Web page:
NGB scientists battle kiwifruit disease

AgResearch scientists involved with the Next Generation Biopesticides (NGB) programme are playing an important part in the battle against a bacterium (Pseudomonas syringae pv. actinidiae) attacking New Zealand’s lucrative kiwifruit industry.

Dr Sean Marshall, a microbiologist with AgResearch at Lincoln, is part of a team including Emily Gerard and David Wright (also from AgResearch) plus Drs Phil Elmer, Stephen Hoyte, Kirsty Boyd-Wilson, and Pia Rhinelander investigating how the Plant & Food Research (PFR) and Zespri biocontrol agent works against Psa.

Psa, first detected in New Zealand in 2010, is a bacterium that can result in the death of kiwifruit vines. It causes leaf spotting, cane and leader dieback, flower infection and bud rot, cankers and, in extreme cases, vine death accompanied by the production of exudates (a rusty red liquid discharge).

Symptoms of Psa are usually expressed during spring and autumn with cooler temperatures, regular rain and high humidity. The disease can be spread via windborne pollen, strong winds and heavy rainfalls as well as by footwear, vehicles and orchard tools, animals and humans. The bacterium infects the plant through natural openings (e.g. stomata and leaf scars) and wounds.

Plant &Food Research scientists with support from Zespri and Kiwifruit Vine Health (KVH) recently identified a potential new biocontrol agent. Working together with PFR, David Wright is attempting to ‘scale it up’ – and get it ready to be applied in a safe, cost-effective and efficient manner. It’s feasible that once developed, the new formulation of the biocontrol agent could be sprayed in kiwifruit blocks using conventional airblast spray equipment.

But, firstly and because it’s a biological product requiring registration, Dr Marshall and colleagues are trying to understand its mode of action in reducing Psa disease development.

“It appears to inhibit the growth of Psa but we need to know how and why. By understanding that we can better understand the best times to apply it in order to maximise its efficacy against Psa and also any crop safety aspects or unintended environmental impacts.

“One possible mechanism, is that it seems to adjust its growing environment by altering the pH levels of the media in which it’s growing to a point that Psa itself can’t grow.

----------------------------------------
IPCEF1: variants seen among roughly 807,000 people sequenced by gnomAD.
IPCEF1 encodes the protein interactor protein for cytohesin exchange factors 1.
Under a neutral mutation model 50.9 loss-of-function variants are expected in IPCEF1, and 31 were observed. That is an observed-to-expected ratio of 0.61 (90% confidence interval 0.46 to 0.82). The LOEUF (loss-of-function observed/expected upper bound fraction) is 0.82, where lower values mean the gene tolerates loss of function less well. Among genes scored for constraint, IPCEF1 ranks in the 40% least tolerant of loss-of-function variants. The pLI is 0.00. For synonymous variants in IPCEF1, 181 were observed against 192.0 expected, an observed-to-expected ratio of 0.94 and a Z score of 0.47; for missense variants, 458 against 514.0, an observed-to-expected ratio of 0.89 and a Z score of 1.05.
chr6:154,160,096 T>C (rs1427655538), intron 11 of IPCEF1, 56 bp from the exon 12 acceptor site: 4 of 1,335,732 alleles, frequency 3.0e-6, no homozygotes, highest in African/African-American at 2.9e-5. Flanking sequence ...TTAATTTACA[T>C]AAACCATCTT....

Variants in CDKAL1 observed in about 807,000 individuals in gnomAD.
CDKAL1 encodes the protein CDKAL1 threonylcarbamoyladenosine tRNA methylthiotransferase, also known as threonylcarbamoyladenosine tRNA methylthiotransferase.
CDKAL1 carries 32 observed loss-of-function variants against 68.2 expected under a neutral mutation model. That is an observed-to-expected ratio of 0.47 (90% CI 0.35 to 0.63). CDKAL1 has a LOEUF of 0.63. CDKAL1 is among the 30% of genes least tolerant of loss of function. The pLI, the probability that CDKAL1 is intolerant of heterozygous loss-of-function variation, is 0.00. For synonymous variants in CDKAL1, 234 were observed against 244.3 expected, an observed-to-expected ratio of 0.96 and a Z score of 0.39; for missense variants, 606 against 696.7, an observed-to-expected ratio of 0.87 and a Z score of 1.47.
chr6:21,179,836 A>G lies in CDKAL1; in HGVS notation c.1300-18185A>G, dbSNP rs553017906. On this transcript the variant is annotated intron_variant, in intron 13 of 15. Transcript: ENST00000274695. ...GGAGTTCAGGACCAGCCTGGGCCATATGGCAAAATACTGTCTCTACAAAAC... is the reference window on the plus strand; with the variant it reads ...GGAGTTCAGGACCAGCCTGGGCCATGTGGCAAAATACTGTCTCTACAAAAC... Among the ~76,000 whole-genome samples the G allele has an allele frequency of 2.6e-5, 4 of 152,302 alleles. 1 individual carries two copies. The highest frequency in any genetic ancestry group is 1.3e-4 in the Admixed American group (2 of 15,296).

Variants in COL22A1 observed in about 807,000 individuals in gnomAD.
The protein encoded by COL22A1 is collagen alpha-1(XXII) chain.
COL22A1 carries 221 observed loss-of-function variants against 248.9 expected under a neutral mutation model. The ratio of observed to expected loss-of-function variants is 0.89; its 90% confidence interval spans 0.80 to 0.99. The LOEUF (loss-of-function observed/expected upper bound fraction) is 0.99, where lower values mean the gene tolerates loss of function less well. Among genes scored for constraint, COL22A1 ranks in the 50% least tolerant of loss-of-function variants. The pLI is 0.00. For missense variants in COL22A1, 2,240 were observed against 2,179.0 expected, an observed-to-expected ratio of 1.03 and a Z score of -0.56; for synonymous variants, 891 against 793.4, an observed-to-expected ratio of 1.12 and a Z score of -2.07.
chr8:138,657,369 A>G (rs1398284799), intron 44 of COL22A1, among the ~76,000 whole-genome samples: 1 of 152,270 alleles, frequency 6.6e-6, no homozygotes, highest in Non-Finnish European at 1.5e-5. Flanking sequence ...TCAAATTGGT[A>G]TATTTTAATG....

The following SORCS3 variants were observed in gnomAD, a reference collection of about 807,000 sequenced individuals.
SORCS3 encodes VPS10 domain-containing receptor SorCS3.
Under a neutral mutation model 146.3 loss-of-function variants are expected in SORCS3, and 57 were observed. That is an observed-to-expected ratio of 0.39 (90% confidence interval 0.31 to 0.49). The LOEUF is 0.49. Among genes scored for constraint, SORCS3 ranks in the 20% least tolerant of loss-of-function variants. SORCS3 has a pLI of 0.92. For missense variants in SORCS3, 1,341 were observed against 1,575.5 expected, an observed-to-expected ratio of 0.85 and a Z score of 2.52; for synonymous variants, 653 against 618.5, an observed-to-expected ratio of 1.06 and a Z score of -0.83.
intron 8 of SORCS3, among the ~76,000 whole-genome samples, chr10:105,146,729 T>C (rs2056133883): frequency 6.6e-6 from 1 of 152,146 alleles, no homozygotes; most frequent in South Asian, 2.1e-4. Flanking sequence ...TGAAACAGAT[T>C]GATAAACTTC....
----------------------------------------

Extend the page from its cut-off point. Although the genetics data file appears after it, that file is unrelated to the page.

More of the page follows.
“If it’s a single mode of action then the potential for resistance development needs to be considered and how to use it in an integrated control program or in combination with other products. Another aspect to investigate is how can we synergise it with other additives – be they biological or chemical or cultural methods that growers can use.”

Dr Marshall says the MBIE and Zespri/KVH co-funded project is ongoing but is already identifying some promising leads about how the new biocontrol agent works.

“It also seems to be growing a biofilm but we’re not sure if this is just in lab cultures or on the plant itself. We’re also unsure whether this is going to be a physical barrier or provide some sort of anti-microbial properties.

“Early indications are that if you grow this biocontrol agent with Psa you get biofilm production, but if you grow either one of them separately you don’t get biofilm production. So, somehow the action of having them together is triggering a response and at this time we’re not sure if it’s from the biocontrol agent or the Psa itself.”

The work that the diverse team is undertaking is part of the Next-Generation Biopesticides programme that aims to find new, safe and sustainable solutions to New Zealand’s key insect pest and disease problems. Led by AgResearch, it is a partnership with collaborators Plant & Food Research, the Bio-Protection Research Centre (Lincoln University) and industry stakeholders Grasslanz, Zespri and the Foundation for Arable Research.

The Ministry of Business, Innovation and Employment is the principal funder of the project with the other project collaborators providing co-funding.